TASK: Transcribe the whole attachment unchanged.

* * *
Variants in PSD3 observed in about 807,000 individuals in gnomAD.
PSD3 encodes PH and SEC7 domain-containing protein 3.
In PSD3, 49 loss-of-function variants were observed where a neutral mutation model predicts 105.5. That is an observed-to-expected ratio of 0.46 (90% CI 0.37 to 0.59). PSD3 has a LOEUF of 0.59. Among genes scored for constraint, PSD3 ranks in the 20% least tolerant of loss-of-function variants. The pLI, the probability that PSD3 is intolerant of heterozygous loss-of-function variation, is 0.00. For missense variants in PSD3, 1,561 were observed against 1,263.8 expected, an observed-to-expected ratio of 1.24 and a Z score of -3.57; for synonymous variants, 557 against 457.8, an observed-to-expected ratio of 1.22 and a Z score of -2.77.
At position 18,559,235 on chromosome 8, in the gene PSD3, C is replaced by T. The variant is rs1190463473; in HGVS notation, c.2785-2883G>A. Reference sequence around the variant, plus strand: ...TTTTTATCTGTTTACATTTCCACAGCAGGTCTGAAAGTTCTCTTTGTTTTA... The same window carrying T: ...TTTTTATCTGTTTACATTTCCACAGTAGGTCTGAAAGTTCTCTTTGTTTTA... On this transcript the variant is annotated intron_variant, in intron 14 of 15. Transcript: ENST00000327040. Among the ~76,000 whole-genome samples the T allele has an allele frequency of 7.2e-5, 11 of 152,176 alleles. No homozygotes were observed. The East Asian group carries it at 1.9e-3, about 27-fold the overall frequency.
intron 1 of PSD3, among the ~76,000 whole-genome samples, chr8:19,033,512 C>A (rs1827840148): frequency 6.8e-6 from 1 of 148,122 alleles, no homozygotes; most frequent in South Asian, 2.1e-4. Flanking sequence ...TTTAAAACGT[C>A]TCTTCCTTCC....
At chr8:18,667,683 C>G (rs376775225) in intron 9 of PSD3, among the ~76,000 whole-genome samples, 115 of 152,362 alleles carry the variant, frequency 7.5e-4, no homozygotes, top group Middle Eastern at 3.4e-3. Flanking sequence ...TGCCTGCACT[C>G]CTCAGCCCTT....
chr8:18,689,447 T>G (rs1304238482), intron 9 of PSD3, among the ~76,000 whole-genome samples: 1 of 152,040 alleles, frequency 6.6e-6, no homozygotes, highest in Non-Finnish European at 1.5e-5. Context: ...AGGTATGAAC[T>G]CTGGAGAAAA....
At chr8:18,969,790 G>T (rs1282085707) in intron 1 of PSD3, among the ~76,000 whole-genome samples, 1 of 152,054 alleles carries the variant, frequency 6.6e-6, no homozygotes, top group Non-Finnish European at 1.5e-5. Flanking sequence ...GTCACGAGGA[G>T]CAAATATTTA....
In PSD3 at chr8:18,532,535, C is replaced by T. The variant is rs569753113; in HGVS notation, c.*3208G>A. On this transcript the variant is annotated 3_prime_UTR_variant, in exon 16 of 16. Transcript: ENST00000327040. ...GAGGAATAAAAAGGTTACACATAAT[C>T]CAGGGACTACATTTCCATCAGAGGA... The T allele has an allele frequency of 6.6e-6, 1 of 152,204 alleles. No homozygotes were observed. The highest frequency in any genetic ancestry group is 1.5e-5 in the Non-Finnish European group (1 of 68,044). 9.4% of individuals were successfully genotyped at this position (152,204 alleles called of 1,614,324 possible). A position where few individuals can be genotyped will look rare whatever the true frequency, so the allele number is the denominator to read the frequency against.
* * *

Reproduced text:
Variants in PSD3 observed in about 807,000 individuals in gnomAD.
PSD3 encodes PH and SEC7 domain-containing protein 3.
In PSD3, 49 loss-of-function variants were observed where a neutral mutation model predicts 105.5. That is an observed-to-expected ratio of 0.46 (90% CI 0.37 to 0.59). PSD3 has a LOEUF of 0.59. Among genes scored for constraint, PSD3 ranks in the 20% least tolerant of loss-of-function variants. The pLI, the probability that PSD3 is intolerant of heterozygous loss-of-function variation, is 0.00. For missense variants in PSD3, 1,561 were observed against 1,263.8 expected, an observed-to-expected ratio of 1.24 and a Z score of -3.57; for synonymous variants, 557 against 457.8, an observed-to-expected ratio of 1.22 and a Z score of -2.77.
At position 18,559,235 on chromosome 8, in the gene PSD3, C is replaced by T. The variant is rs1190463473; in HGVS notation, c.2785-2883G>A. Reference sequence around the variant, plus strand: ...TTTTTATCTGTTTACATTTCCACAGCAGGTCTGAAAGTTCTCTTTGTTTTA... The same window carrying T: ...TTTTTATCTGTTTACATTTCCACAGTAGGTCTGAAAGTTCTCTTTGTTTTA... On this transcript the variant is annotated intron_variant, in intron 14 of 15. Transcript: ENST00000327040. Among the ~76,000 whole-genome samples the T allele has an allele frequency of 7.2e-5, 11 of 152,176 alleles. No homozygotes were observed. The East Asian group carries it at 1.9e-3, about 27-fold the overall frequency.
intron 1 of PSD3, among the ~76,000 whole-genome samples, chr8:19,033,512 C>A (rs1827840148): frequency 6.8e-6 from 1 of 148,122 alleles, no homozygotes; most frequent in South Asian, 2.1e-4. Flanking sequence ...TTTAAAACGT[C>A]TCTTCCTTCC....
At chr8:18,667,683 C>G (rs376775225) in intron 9 of PSD3, among the ~76,000 whole-genome samples, 115 of 152,362 alleles carry the variant, frequency 7.5e-4, no homozygotes, top group Middle Eastern at 3.4e-3. Flanking sequence ...TGCCTGCACT[C>G]CTCAGCCCTT....
chr8:18,689,447 T>G (rs1304238482), intron 9 of PSD3, among the ~76,000 whole-genome samples: 1 of 152,040 alleles, frequency 6.6e-6, no homozygotes, highest in Non-Finnish European at 1.5e-5. Context: ...AGGTATGAAC[T>G]CTGGAGAAAA....
At chr8:18,969,790 G>T (rs1282085707) in intron 1 of PSD3, among the ~76,000 whole-genome samples, 1 of 152,054 alleles carries the variant, frequency 6.6e-6, no homozygotes, top group Non-Finnish European at 1.5e-5. Flanking sequence ...GTCACGAGGA[G>T]CAAATATTTA....
In PSD3 at chr8:18,532,535, C is replaced by T. The variant is rs569753113; in HGVS notation, c.*3208G>A. On this transcript the variant is annotated 3_prime_UTR_variant, in exon 16 of 16. Transcript: ENST00000327040. ...GAGGAATAAAAAGGTTACACATAAT[C>T]CAGGGACTACATTTCCATCAGAGGA... The T allele has an allele frequency of 6.6e-6, 1 of 152,204 alleles. No homozygotes were observed. The highest frequency in any genetic ancestry group is 1.5e-5 in the Non-Finnish European group (1 of 68,044). 9.4% of individuals were successfully genotyped at this position (152,204 alleles called of 1,614,324 possible). A position where few individuals can be genotyped will look rare whatever the true frequency, so the allele number is the denominator to read the frequency against.